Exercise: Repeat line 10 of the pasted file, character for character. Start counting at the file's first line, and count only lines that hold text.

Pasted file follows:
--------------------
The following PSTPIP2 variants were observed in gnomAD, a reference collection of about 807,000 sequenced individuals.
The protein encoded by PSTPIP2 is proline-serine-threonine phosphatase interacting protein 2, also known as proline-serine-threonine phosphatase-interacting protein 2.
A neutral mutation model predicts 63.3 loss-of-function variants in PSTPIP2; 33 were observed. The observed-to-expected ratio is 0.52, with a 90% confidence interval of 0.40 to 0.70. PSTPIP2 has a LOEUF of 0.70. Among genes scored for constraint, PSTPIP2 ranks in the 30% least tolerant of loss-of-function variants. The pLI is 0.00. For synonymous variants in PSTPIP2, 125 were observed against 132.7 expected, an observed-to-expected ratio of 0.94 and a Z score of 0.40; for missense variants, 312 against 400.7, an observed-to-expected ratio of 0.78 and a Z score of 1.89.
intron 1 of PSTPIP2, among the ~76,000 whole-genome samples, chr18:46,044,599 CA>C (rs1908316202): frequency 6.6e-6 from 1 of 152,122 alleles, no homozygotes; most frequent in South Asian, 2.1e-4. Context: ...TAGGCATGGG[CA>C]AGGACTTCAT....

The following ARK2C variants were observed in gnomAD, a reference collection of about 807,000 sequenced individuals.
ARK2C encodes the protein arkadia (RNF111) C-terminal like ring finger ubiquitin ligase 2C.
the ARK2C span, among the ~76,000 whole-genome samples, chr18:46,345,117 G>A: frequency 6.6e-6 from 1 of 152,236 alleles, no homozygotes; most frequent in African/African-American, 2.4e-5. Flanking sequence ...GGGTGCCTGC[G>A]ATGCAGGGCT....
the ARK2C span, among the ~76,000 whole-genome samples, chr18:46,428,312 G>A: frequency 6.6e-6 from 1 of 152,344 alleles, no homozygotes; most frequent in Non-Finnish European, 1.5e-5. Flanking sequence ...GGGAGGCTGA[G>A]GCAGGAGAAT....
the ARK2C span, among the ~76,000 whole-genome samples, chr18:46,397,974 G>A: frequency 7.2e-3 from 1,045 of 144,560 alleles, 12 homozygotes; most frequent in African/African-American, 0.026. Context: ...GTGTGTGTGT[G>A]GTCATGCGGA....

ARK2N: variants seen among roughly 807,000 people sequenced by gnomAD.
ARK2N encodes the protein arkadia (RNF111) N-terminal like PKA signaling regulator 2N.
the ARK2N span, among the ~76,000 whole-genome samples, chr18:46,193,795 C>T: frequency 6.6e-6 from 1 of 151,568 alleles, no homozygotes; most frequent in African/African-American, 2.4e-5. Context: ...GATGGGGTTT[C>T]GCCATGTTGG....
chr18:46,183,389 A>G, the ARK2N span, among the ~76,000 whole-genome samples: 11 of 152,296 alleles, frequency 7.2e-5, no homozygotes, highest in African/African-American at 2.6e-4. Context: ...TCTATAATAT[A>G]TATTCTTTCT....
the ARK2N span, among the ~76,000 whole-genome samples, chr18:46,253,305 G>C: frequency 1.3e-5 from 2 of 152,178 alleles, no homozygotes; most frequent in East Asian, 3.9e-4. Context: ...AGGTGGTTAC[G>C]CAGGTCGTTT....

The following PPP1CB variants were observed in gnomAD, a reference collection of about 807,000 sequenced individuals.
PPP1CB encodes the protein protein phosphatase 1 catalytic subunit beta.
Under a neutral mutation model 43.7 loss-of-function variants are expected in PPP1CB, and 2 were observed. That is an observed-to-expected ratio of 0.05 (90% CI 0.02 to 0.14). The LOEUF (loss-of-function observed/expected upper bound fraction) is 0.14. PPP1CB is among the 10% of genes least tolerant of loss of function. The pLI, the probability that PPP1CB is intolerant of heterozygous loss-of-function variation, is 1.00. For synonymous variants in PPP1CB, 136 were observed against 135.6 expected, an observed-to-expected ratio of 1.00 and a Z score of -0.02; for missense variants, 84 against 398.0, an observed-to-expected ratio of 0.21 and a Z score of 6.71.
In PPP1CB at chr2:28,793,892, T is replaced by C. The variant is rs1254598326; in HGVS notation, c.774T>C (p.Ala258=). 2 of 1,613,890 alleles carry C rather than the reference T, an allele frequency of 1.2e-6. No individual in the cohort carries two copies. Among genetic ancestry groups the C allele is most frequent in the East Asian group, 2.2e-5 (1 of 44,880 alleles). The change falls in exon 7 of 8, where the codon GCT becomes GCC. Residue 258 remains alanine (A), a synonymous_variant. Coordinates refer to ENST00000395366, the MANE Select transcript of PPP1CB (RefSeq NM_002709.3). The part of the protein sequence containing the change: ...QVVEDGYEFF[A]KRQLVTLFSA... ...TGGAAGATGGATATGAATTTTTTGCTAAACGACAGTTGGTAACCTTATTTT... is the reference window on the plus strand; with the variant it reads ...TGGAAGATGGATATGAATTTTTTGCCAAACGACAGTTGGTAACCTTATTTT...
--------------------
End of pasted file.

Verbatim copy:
ARK2N: variants seen among roughly 807,000 people sequenced by gnomAD.